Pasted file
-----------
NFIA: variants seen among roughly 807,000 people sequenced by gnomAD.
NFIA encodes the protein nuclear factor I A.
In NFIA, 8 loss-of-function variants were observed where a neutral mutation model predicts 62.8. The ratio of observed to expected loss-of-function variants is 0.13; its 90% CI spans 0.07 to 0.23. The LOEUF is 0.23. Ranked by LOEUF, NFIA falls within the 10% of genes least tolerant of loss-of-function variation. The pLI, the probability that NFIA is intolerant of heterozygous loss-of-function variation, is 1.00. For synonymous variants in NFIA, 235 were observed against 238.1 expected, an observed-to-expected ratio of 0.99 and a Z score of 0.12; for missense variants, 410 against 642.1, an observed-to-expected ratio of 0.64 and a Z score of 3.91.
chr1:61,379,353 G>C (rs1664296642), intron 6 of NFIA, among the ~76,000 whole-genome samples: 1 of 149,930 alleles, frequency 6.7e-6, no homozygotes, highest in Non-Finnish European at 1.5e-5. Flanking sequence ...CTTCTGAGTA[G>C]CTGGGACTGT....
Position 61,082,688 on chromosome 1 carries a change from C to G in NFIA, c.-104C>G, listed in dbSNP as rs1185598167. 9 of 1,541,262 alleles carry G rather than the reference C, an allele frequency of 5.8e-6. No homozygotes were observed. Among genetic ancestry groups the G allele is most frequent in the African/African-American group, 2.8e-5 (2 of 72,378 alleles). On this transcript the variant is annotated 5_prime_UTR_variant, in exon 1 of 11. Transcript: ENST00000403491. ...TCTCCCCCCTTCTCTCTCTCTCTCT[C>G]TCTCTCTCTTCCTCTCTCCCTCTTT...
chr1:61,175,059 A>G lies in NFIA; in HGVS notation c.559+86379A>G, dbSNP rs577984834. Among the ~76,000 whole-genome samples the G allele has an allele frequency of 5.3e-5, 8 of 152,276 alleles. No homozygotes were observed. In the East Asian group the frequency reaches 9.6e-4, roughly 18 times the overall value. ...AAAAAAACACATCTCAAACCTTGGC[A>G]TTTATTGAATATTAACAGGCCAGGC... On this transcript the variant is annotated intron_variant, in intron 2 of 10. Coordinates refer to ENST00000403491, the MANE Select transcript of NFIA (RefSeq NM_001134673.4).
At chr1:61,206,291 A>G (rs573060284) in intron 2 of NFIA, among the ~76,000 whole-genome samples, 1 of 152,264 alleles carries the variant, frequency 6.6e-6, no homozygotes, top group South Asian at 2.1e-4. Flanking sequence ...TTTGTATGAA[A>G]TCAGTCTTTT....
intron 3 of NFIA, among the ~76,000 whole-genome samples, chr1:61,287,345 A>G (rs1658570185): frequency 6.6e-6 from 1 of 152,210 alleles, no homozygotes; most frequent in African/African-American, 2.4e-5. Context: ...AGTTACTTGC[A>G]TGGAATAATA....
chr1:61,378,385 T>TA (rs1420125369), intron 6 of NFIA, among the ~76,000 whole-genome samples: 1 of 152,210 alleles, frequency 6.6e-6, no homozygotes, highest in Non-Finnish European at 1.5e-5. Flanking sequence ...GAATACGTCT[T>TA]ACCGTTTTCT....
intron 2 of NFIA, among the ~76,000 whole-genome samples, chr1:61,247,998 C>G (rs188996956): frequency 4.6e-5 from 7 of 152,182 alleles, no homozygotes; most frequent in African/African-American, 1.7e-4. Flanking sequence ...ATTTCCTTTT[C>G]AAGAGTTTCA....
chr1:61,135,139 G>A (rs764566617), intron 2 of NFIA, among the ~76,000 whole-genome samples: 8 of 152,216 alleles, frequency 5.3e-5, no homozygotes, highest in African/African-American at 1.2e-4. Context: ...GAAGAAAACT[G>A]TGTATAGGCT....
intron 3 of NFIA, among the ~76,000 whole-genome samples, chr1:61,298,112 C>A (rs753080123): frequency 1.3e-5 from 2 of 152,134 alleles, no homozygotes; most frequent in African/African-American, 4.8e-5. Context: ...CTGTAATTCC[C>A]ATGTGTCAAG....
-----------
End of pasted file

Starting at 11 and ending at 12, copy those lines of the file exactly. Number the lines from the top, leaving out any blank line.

chr1:61,135,139 G>A (rs764566617), intron 2 of NFIA, among the ~76,000 whole-genome samples: 8 of 152,216 alleles, frequency 5.3e-5, no homozygotes, highest in African/African-American at 1.2e-4. Context: ...GAAGAAAACT[G>A]TGTATAGGCT....
intron 3 of NFIA, among the ~76,000 whole-genome samples, chr1:61,298,112 C>A (rs753080123): frequency 1.3e-5 from 2 of 152,134 alleles, no homozygotes; most frequent in African/African-American, 4.8e-5. Context: ...CTGTAATTCC[C>A]ATGTGTCAAG....